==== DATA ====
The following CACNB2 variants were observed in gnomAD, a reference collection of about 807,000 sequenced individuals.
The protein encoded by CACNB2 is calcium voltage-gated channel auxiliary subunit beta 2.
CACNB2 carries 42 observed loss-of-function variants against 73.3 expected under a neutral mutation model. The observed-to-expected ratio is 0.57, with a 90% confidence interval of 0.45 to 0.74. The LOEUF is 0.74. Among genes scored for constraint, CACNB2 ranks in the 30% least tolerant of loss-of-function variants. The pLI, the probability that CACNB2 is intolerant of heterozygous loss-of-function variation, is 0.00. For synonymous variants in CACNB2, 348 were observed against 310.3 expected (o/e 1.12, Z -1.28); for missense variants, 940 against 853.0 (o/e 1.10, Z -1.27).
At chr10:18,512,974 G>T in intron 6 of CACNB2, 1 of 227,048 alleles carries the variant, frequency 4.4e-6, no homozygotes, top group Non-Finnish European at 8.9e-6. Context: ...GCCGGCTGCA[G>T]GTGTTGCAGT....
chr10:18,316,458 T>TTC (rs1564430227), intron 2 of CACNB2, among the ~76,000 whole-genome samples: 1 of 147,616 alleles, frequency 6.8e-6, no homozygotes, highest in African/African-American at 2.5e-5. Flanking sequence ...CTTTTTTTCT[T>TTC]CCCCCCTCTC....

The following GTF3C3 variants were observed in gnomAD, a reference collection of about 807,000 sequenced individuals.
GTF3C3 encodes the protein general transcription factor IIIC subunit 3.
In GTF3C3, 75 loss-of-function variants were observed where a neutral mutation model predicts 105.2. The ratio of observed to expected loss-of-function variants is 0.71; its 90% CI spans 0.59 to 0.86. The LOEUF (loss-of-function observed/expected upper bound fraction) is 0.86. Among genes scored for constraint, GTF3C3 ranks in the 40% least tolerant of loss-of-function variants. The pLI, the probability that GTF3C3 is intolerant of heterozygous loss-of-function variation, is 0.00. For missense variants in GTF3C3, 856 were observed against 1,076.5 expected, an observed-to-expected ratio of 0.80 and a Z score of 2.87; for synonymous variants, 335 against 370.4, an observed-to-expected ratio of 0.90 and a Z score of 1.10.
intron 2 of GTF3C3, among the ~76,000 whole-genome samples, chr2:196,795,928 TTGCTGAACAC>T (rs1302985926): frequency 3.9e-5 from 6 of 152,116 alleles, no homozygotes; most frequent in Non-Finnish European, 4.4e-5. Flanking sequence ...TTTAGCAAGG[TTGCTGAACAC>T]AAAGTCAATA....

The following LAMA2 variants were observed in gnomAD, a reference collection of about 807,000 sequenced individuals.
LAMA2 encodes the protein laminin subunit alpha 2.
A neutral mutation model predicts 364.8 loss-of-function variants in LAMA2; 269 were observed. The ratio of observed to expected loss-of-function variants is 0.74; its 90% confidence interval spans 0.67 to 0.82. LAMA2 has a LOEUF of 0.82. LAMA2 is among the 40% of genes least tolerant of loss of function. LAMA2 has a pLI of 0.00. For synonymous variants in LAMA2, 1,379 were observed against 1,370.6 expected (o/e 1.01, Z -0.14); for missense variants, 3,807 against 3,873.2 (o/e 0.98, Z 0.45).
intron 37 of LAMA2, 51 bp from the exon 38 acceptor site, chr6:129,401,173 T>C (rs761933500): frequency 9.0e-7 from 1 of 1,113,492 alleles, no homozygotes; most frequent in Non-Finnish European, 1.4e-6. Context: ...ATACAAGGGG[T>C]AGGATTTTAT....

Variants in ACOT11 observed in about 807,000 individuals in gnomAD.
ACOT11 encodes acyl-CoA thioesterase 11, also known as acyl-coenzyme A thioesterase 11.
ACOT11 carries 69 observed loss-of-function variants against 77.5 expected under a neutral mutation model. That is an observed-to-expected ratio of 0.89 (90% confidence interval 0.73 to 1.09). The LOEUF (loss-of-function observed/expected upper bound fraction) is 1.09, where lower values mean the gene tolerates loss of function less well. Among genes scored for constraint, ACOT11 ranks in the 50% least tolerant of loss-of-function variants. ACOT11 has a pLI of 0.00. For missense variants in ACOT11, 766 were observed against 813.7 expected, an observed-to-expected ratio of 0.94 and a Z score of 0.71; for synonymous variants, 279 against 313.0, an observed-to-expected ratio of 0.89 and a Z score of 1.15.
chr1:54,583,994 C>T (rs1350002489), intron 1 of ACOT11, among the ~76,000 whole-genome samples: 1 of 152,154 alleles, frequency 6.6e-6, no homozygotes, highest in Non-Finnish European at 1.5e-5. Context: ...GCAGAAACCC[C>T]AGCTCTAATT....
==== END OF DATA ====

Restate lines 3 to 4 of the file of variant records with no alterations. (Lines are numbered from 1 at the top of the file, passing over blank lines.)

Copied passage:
CACNB2 carries 42 observed loss-of-function variants against 73.3 expected under a neutral mutation model. The observed-to-expected ratio is 0.57, with a 90% confidence interval of 0.45 to 0.74. The LOEUF is 0.74. Among genes scored for constraint, CACNB2 ranks in the 30% least tolerant of loss-of-function variants. The pLI, the probability that CACNB2 is intolerant of heterozygous loss-of-function variation, is 0.00. For synonymous variants in CACNB2, 348 were observed against 310.3 expected (o/e 1.12, Z -1.28); for missense variants, 940 against 853.0 (o/e 1.10, Z -1.27).
At chr10:18,512,974 G>T in intron 6 of CACNB2, 1 of 227,048 alleles carries the variant, frequency 4.4e-6, no homozygotes, top group Non-Finnish European at 8.9e-6. Context: ...GCCGGCTGCA[G>T]GTGTTGCAGT....